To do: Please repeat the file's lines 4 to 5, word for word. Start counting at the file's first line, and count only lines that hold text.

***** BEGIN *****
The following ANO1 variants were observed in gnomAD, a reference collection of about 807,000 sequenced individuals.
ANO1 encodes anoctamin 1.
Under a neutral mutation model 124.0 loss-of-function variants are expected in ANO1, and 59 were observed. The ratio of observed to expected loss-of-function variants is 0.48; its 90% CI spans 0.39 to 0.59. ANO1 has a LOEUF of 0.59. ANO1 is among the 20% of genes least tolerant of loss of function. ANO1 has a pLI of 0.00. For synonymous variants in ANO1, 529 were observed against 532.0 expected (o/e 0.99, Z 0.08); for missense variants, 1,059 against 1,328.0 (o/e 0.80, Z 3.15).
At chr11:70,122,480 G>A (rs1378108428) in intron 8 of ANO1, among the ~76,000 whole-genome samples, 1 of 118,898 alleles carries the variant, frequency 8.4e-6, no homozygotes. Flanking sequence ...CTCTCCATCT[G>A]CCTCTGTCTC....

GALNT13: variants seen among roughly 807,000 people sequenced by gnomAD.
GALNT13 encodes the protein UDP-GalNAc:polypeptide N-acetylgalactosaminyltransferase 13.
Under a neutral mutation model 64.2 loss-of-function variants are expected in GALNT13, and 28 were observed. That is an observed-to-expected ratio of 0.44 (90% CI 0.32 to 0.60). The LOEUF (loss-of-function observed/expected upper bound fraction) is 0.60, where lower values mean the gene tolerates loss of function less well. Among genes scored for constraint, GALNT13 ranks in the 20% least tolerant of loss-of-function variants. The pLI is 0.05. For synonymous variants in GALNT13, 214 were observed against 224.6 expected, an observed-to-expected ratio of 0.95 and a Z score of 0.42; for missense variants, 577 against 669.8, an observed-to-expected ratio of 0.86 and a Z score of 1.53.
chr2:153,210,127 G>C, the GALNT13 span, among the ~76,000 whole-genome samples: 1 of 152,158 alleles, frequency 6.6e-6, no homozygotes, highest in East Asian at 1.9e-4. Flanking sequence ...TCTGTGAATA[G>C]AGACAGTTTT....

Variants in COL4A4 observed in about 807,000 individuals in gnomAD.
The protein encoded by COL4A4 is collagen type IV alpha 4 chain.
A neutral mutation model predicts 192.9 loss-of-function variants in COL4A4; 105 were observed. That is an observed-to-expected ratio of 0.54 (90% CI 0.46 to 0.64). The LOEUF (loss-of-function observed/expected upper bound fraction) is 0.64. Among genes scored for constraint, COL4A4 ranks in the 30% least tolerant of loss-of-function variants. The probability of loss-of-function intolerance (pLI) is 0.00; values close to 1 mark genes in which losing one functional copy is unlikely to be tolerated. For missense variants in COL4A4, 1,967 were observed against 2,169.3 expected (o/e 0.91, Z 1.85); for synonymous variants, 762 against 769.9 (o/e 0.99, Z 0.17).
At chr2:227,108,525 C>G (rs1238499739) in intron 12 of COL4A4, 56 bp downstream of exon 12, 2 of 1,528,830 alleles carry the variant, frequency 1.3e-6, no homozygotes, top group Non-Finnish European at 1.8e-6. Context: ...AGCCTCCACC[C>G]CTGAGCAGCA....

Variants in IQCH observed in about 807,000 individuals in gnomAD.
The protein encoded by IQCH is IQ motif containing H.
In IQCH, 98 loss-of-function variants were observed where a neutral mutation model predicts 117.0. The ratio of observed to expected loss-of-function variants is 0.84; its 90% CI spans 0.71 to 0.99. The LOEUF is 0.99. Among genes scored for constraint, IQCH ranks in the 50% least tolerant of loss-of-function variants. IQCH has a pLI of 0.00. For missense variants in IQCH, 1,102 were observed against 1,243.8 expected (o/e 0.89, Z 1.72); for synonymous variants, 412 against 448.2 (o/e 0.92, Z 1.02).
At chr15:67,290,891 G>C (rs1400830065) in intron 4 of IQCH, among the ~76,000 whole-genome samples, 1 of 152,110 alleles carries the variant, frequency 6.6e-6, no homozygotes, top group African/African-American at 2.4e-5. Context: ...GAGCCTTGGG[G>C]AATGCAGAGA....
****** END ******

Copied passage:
At chr11:70,122,480 G>A (rs1378108428) in intron 8 of ANO1, among the ~76,000 whole-genome samples, 1 of 118,898 alleles carries the variant, frequency 8.4e-6, no homozygotes. Flanking sequence ...CTCTCCATCT[G>A]CCTCTGTCTC....

GALNT13: variants seen among roughly 807,000 people sequenced by gnomAD.